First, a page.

Phototrophs are the organisms that carry out photon capture to acquire energy. They use the energy from light to carry out various cellular metabolic processes, it is a common misconception. Many, but not all, phototrophs photosynthesize: they anabolically convert carbon dioxide into organic material to be utilized structurally, functionally, or as a source for catabolic processes. All phototrophs either use electron transport chains or direct proton pumping to establish an electro-chemical gradient, utilized by ATP synthase, to provide the molecular energy currency for the cell. Phototrophs can be either heterotrophs; as their electron and hydrogen donors are inorganic compounds they can be called as lithotrophs, so, some photoautotrophs are called photolithoautotrophs. Examples of phototroph organisms: Rhodobacter capsulatus, Chlorobium etc. Used with a different meaning, the term took its current definition after Lwoff and collaborators. Most of the well-recognized phototrophs are autotrophic known as photoautotrophs, can fix carbon.
They can be contrasted with chemotrophs that obtain their energy by the oxidation of electron donors in their environments. Photoautotrophs are capable of synthesizing their own food from inorganic substances using light as an energy source. Green plants and photosynthetic bacteria are photoautotrophs. Photoautotrophic organisms are sometimes referred to as holophytic; such organisms derive their energy for food synthesis from light and are capable of using carbon dioxide as their principal source of carbon. Oxygenic photosynthetic organisms use chlorophyll for light-energy capture and oxidize water, "splitting" it into molecular oxygen. In contrast, anoxygenic photosynthetic bacteria have a substance called bacteriochlorophyll - which absorbs predominantly at non-optical wavelengths - for light-energy capture, live in aquatic environments, will, using light, oxidize chemical substances such as hydrogen sulfide rather than water. In an ecological context, phototrophs are the food source for neighboring heterotrophic life.
In terrestrial environments, plants are the predominant variety, while aquatic environments include a range of phototrophic organisms such as algae, other protists and bacteria. The depth to which sunlight or artificial light can penetrate into water, so that photosynthesis may occur, is known as the photic zone. Cyanobacteria, which are prokaryotic organisms which carry out oxygenic photosynthesis, occupy many environmental conditions, including fresh water, seas and lichen. Cyanobacteria carry out plant-like photosynthesis because the organelle in plants that carries out photosynthesis is derived from an endosymbiotic cyanobacterium; this bacterium can use water as a source of electrons. Evolutionarily, cyanobacteria's ability to survive in oxygenic conditions, which are considered toxic to most anaerobic bacteria, might have given the bacteria an adaptive advantage which could have allowed the cyanobacteria to populate more efficiently. A photolithoautotroph is an autotrophic organism that uses light energy, an inorganic electron donor, CO2 as its carbon source.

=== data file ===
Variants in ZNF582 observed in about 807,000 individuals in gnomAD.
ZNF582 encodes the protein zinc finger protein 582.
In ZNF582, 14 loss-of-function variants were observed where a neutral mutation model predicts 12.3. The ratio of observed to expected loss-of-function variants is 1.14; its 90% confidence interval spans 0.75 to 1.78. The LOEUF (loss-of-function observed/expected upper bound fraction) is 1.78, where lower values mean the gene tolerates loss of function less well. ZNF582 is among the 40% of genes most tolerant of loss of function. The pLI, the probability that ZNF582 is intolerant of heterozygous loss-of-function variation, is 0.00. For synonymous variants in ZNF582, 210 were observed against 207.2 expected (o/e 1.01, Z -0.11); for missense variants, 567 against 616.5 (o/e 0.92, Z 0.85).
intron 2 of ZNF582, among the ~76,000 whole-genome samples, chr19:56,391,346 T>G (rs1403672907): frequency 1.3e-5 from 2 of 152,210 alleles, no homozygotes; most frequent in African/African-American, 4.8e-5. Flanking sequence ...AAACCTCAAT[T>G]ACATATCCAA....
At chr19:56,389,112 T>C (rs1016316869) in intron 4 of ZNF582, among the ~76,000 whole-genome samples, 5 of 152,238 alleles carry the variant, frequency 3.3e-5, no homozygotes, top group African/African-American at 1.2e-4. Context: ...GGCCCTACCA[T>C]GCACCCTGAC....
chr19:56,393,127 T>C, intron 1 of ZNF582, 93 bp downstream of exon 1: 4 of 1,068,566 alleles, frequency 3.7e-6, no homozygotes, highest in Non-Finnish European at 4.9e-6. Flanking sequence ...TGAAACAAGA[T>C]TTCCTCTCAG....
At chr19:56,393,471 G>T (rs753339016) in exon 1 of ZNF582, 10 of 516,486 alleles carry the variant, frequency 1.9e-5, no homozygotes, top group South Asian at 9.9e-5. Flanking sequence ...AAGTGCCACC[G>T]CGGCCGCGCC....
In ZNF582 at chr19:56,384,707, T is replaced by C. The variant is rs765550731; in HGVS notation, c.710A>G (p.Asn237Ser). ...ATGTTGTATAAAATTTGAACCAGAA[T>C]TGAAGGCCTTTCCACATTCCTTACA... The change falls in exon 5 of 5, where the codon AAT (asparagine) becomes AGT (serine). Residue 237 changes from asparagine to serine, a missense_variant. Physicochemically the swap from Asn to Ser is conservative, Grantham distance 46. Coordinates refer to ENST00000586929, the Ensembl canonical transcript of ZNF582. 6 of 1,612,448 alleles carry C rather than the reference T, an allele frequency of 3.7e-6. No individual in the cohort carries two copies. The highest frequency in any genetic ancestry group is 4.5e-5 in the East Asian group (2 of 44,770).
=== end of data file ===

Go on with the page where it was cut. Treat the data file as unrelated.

Examples include plants. In contrast to photoautotrophs, photoheterotrophs are organisms that depend on light for their energy and principally on organic compounds for their carbon. Photoheterotrophs produce ATP through photophosphorylation but use environmentally obtained organic compounds to build structures and other bio-molecules. Autotroph Chemoautotroph Photoautotroph Retinalophototroph Heterotroph Chemoheterotroph Photoheterotroph Primary nutritional groups Prototroph
Metabolism is the set of life-sustaining chemical reactions in organisms. The three main purposes of metabolism are: the conversion of food to energy to run cellular processes; these enzyme-catalyzed reactions allow organisms to grow and reproduce, maintain their structures, respond to their environments.. Metabolic reactions may be categorized as catabolic - the breaking down of compounds. Catabolism releases energy, anabolism consumes energy; the chemical reactions of metabolism are organized into metabolic pathways, in which one chemical is transformed through a series of steps into another chemical, each step being facilitated by a specific enzyme. Enzymes are crucial to metabolism because they allow organisms to drive desirable reactions that require energy that will not occur by themselves, by coupling them to spontaneous reactions that release energy. Enzymes act as catalysts - they allow a reaction to proceed more - and they allow the regulation of the rate of a metabolic reaction, for example in response to changes in the cell's environment or to signals from other cells.
The metabolic system of a particular organism determines which substances it will find nutritious and which poisonous. For example, some prokaryotes use hydrogen sulfide as a nutrient, yet this gas is poisonous to animals; the basal metabolic rate of an organism is the measure of the amount of energy consumed by all of these chemical reactions. A striking feature of metabolism is the similarity of the basic metabolic pathways among vastly different species. For example, the set of carboxylic acids that are best known as the intermediates in the citric acid cycle are present in all known organisms, being found in species as diverse as the unicellular bacterium Escherichia coli and huge multicellular organisms like elephants; these similarities in metabolic pathways are due to their early appearance in evolutionary history, their retention because of their efficacy. Most of the structures that make up animals and microbes are made from three basic classes of molecule: amino acids and lipids; as these molecules are vital for life, metabolic reactions either focus on making these molecules during the construction of cells and tissues, or by breaking them down and using them as a source of energy, by their digestion.